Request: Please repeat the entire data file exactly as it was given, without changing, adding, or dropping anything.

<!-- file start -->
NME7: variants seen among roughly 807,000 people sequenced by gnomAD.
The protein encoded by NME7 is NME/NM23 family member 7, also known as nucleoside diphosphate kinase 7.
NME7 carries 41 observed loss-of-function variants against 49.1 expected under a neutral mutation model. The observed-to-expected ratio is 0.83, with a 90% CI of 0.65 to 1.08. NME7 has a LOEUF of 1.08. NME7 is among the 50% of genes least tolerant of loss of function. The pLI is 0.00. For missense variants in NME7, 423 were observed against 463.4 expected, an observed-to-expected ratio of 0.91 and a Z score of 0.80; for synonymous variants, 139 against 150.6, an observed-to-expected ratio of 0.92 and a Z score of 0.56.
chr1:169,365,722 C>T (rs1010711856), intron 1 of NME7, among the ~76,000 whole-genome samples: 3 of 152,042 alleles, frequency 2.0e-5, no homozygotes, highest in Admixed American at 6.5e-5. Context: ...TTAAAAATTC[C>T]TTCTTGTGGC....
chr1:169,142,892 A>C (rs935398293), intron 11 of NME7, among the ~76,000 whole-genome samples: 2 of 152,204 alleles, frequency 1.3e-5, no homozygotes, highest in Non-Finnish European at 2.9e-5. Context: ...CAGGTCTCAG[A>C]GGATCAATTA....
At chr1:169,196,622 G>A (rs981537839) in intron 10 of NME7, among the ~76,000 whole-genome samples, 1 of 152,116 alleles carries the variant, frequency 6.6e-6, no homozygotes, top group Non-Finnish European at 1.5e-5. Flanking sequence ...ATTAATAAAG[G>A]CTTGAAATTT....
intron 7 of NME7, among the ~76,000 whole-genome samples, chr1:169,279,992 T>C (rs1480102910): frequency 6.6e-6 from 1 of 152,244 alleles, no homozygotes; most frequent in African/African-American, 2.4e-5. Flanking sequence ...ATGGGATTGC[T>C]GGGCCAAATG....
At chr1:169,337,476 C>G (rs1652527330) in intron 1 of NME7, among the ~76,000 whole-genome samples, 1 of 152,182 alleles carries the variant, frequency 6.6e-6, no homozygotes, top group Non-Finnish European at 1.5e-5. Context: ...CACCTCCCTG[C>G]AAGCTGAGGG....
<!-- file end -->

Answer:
NME7: variants seen among roughly 807,000 people sequenced by gnomAD.
The protein encoded by NME7 is NME/NM23 family member 7, also known as nucleoside diphosphate kinase 7.
NME7 carries 41 observed loss-of-function variants against 49.1 expected under a neutral mutation model. The observed-to-expected ratio is 0.83, with a 90% CI of 0.65 to 1.08. NME7 has a LOEUF of 1.08. NME7 is among the 50% of genes least tolerant of loss of function. The pLI is 0.00. For missense variants in NME7, 423 were observed against 463.4 expected, an observed-to-expected ratio of 0.91 and a Z score of 0.80; for synonymous variants, 139 against 150.6, an observed-to-expected ratio of 0.92 and a Z score of 0.56.
chr1:169,365,722 C>T (rs1010711856), intron 1 of NME7, among the ~76,000 whole-genome samples: 3 of 152,042 alleles, frequency 2.0e-5, no homozygotes, highest in Admixed American at 6.5e-5. Context: ...TTAAAAATTC[C>T]TTCTTGTGGC....
chr1:169,142,892 A>C (rs935398293), intron 11 of NME7, among the ~76,000 whole-genome samples: 2 of 152,204 alleles, frequency 1.3e-5, no homozygotes, highest in Non-Finnish European at 2.9e-5. Context: ...CAGGTCTCAG[A>C]GGATCAATTA....
At chr1:169,196,622 G>A (rs981537839) in intron 10 of NME7, among the ~76,000 whole-genome samples, 1 of 152,116 alleles carries the variant, frequency 6.6e-6, no homozygotes, top group Non-Finnish European at 1.5e-5. Flanking sequence ...ATTAATAAAG[G>A]CTTGAAATTT....
intron 7 of NME7, among the ~76,000 whole-genome samples, chr1:169,279,992 T>C (rs1480102910): frequency 6.6e-6 from 1 of 152,244 alleles, no homozygotes; most frequent in African/African-American, 2.4e-5. Flanking sequence ...ATGGGATTGC[T>C]GGGCCAAATG....
At chr1:169,337,476 C>G (rs1652527330) in intron 1 of NME7, among the ~76,000 whole-genome samples, 1 of 152,182 alleles carries the variant, frequency 6.6e-6, no homozygotes, top group Non-Finnish European at 1.5e-5. Context: ...CACCTCCCTG[C>G]AAGCTGAGGG....